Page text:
Let's start with Grosvenor Street from London Wallpapers III, in the Alchemy colourway, shown above with one of our gilded pots painted using Lamp Black.

Little Greene Grosvenor Street from London Wallpapers III, a stunning wallpaper featuring a dark charcoal background with metallic burnt silver, stone and white; this charcoal palette works well with modern furniture which leaves plenty of space for the wallpaper to take centre stage; try with Little Greene Loft White, Portland Stone and Lamp Black.

Little Greene Furrow, a deep taupe, partners well with Pines in Golde from Little Greene Oriental Papers (gilded pot in Furrow).

Clockwise from top: An elegant period front door in taupe with black details, take a look at our our beeswaxed door furniture for a similar period feel;  Little Greene sample pots; a warm grey palette of Little Greene Limestone, True Taupe and Furrow; Pines wallpaper in the Golde colourway; taupe is one of those colours that can move seamlessly from front door to hallway.

Pines wallpaper in Silver Pine partners beautifully with Little Greene Lamp Black and Scree.

Let's move onto the softer charms of the last column in the new Little Greene grey collection.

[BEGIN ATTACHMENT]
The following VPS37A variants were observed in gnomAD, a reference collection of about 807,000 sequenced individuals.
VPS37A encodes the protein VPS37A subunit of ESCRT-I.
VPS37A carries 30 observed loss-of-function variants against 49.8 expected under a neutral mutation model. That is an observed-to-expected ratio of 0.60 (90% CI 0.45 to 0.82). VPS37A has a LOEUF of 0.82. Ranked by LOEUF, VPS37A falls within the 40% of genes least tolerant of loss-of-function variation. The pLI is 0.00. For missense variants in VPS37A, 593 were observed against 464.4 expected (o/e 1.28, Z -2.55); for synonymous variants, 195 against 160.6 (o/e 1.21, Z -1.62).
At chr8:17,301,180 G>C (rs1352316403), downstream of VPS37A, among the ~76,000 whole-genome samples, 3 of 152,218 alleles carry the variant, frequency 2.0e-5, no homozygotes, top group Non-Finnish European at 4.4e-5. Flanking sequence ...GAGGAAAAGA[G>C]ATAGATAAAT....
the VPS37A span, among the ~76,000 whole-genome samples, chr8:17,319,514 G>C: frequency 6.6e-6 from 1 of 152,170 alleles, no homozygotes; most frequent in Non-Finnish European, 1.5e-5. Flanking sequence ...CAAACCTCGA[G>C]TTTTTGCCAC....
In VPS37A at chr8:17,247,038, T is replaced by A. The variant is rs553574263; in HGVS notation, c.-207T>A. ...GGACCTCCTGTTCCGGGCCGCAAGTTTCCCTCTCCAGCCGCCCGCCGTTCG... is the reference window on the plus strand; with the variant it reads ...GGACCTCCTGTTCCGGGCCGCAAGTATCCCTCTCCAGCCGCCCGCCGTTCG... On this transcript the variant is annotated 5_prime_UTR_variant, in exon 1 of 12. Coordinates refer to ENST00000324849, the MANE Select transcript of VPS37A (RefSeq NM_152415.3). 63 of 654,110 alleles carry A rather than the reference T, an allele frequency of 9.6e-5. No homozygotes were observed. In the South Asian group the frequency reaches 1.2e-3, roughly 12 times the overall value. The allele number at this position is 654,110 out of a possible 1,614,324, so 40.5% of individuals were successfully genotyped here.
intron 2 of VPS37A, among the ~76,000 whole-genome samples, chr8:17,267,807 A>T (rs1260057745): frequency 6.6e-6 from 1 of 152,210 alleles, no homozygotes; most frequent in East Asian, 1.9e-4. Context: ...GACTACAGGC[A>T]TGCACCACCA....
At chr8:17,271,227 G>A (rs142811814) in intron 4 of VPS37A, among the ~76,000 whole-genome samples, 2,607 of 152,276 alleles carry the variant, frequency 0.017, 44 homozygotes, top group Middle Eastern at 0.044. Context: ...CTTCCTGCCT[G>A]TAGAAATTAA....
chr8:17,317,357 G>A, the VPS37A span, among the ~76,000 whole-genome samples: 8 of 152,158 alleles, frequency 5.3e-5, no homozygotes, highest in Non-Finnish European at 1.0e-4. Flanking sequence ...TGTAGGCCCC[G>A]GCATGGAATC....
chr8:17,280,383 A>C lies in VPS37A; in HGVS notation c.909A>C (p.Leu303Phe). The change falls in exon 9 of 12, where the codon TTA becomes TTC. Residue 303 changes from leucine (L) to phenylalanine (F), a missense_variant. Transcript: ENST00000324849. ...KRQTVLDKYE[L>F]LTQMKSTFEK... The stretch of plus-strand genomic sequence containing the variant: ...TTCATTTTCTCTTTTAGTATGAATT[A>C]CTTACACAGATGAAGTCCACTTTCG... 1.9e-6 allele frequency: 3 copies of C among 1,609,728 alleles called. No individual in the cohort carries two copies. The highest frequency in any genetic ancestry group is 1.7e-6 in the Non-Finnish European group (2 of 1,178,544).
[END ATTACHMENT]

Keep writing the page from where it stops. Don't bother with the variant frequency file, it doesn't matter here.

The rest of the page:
Clockwise from top: this is a soft look that suits a monochromatic touch; Perennial Grey is a feminine shade with warm undertones. Here we've teamed it with Little Greene's North End Road wallpaper from London Wallpapers III, in Warm Silver, North End Road wallpaper; we suggest using Little Greene Down, Dash Of Soot, Perennial Grey and Knightsbridge.

And finally, Wilton (in Halo) from London Wallpapers III, a gentle stone background with metallic champagne highlights, is teamed with Little Greene Limestone. But, that a touch of gilding you see?

Come back for December's post for step by step tutorial on how to create this stunning bowl....just in time for Christmas!

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Tuesday 1 October 2013

How To Make The Most OF Farrow and Ball's New Greys

Farrow and Ball have released nine new colours: five beautiful greys, and four brighter hues. This month, we've prepared mood boards to demonstrate how to make these greys work for you and your home.

The greys are, typically of Farrow and Ball, delightfully and quirkily named:

Mole's Breath
Purbeck Stone

Clockwise from top: Farrow and Ball's Mole's Breath; a gorgeous dining room, showing how well this moody colour works with our grey rattan chairs (image via Momtoo); try Mole's Breath in an airy conservatory for a more contemporary look (via Roses and Rust); our timelessly classic grey rattan chairs; Farrow and Ball

Try Farrow and Ball Railings for the cupboard colour in the image above, and Farrow and Ball Ammonite for the walls (image via Pinterest). We love the way Farrow and Ball's new greys harmonise so expertly with their existing palette.